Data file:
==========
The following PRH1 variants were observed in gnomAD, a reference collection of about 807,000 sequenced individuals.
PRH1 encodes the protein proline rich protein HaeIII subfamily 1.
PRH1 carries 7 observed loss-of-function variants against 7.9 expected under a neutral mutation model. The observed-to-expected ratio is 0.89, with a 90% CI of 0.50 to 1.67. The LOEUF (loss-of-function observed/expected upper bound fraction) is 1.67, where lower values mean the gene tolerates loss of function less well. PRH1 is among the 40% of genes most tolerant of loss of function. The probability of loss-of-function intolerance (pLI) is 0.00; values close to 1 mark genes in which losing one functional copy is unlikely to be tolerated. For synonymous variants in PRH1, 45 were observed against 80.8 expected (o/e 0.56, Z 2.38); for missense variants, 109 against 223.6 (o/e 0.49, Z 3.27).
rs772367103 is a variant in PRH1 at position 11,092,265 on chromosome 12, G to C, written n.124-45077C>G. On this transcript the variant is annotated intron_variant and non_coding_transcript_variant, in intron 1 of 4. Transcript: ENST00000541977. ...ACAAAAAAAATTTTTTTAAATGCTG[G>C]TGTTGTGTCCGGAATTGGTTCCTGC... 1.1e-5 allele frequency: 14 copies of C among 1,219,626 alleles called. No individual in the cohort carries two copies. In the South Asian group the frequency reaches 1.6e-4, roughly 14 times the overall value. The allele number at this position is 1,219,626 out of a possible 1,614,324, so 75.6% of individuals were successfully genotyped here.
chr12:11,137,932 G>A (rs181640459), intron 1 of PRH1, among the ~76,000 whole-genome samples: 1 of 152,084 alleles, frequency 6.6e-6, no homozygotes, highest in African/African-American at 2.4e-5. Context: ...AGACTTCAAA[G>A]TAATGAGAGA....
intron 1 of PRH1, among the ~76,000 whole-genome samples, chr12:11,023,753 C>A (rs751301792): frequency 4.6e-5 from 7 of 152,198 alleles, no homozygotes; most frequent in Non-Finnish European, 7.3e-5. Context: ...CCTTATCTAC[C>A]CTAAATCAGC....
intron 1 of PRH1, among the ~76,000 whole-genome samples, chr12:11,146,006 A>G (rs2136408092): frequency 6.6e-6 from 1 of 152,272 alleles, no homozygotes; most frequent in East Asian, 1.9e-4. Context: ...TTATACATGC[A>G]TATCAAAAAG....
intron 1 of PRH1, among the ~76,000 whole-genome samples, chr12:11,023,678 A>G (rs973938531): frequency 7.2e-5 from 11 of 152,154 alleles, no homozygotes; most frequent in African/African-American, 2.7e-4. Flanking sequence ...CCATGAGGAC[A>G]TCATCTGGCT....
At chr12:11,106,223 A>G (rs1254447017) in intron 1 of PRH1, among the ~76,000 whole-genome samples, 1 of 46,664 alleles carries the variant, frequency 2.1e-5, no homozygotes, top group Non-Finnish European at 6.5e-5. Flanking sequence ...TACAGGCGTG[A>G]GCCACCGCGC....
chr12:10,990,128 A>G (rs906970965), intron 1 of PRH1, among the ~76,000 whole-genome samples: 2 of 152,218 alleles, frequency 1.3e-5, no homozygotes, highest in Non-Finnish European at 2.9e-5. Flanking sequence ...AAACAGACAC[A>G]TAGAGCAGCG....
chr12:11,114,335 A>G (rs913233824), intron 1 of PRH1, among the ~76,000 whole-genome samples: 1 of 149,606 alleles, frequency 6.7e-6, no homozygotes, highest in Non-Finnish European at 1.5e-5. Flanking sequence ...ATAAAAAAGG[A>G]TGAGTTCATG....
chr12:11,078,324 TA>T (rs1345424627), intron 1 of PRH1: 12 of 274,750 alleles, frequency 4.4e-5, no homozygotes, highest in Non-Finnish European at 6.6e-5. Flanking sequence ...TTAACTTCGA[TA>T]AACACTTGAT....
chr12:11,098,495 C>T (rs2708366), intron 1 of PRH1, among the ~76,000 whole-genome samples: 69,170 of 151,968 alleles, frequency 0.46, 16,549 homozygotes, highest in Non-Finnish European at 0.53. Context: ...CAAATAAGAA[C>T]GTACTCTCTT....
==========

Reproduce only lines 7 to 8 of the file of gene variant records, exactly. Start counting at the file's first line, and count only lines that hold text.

intron 1 of PRH1, among the ~76,000 whole-genome samples, chr12:11,146,006 A>G (rs2136408092): frequency 6.6e-6 from 1 of 152,272 alleles, no homozygotes; most frequent in East Asian, 1.9e-4. Context: ...TTATACATGC[A>G]TATCAAAAAG....
intron 1 of PRH1, among the ~76,000 whole-genome samples, chr12:11,023,678 A>G (rs973938531): frequency 7.2e-5 from 11 of 152,154 alleles, no homozygotes; most frequent in African/African-American, 2.7e-4. Flanking sequence ...CCATGAGGAC[A>G]TCATCTGGCT....